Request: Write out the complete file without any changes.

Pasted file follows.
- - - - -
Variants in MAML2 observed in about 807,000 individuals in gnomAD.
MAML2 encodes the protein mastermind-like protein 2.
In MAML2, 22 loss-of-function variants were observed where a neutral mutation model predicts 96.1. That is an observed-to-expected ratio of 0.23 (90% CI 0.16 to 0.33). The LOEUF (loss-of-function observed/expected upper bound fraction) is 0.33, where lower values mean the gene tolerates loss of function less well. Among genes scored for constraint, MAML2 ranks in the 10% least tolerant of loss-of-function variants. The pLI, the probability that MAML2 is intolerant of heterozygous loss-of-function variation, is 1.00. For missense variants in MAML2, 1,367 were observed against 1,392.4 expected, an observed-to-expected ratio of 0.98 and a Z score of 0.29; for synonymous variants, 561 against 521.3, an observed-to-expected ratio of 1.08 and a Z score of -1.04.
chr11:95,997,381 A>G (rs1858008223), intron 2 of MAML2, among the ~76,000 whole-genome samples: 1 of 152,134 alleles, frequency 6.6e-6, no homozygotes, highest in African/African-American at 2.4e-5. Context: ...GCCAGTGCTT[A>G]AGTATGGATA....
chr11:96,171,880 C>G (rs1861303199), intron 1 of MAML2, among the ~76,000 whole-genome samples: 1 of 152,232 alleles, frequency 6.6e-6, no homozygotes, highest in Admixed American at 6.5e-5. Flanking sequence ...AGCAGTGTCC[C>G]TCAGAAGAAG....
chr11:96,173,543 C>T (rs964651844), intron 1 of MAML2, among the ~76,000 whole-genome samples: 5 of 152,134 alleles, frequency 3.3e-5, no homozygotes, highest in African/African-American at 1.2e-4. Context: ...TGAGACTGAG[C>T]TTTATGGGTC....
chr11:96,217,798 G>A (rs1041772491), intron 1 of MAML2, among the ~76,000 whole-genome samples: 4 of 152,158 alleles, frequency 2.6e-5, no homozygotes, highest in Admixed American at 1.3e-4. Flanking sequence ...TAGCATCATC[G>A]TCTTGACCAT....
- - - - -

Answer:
Variants in MAML2 observed in about 807,000 individuals in gnomAD.
MAML2 encodes the protein mastermind-like protein 2.
In MAML2, 22 loss-of-function variants were observed where a neutral mutation model predicts 96.1. That is an observed-to-expected ratio of 0.23 (90% CI 0.16 to 0.33). The LOEUF (loss-of-function observed/expected upper bound fraction) is 0.33, where lower values mean the gene tolerates loss of function less well. Among genes scored for constraint, MAML2 ranks in the 10% least tolerant of loss-of-function variants. The pLI, the probability that MAML2 is intolerant of heterozygous loss-of-function variation, is 1.00. For missense variants in MAML2, 1,367 were observed against 1,392.4 expected, an observed-to-expected ratio of 0.98 and a Z score of 0.29; for synonymous variants, 561 against 521.3, an observed-to-expected ratio of 1.08 and a Z score of -1.04.
chr11:95,997,381 A>G (rs1858008223), intron 2 of MAML2, among the ~76,000 whole-genome samples: 1 of 152,134 alleles, frequency 6.6e-6, no homozygotes, highest in African/African-American at 2.4e-5. Context: ...GCCAGTGCTT[A>G]AGTATGGATA....
chr11:96,171,880 C>G (rs1861303199), intron 1 of MAML2, among the ~76,000 whole-genome samples: 1 of 152,232 alleles, frequency 6.6e-6, no homozygotes, highest in Admixed American at 6.5e-5. Flanking sequence ...AGCAGTGTCC[C>G]TCAGAAGAAG....
chr11:96,173,543 C>T (rs964651844), intron 1 of MAML2, among the ~76,000 whole-genome samples: 5 of 152,134 alleles, frequency 3.3e-5, no homozygotes, highest in African/African-American at 1.2e-4. Context: ...TGAGACTGAG[C>T]TTTATGGGTC....
chr11:96,217,798 G>A (rs1041772491), intron 1 of MAML2, among the ~76,000 whole-genome samples: 4 of 152,158 alleles, frequency 2.6e-5, no homozygotes, highest in Admixed American at 1.3e-4. Flanking sequence ...TAGCATCATC[G>A]TCTTGACCAT....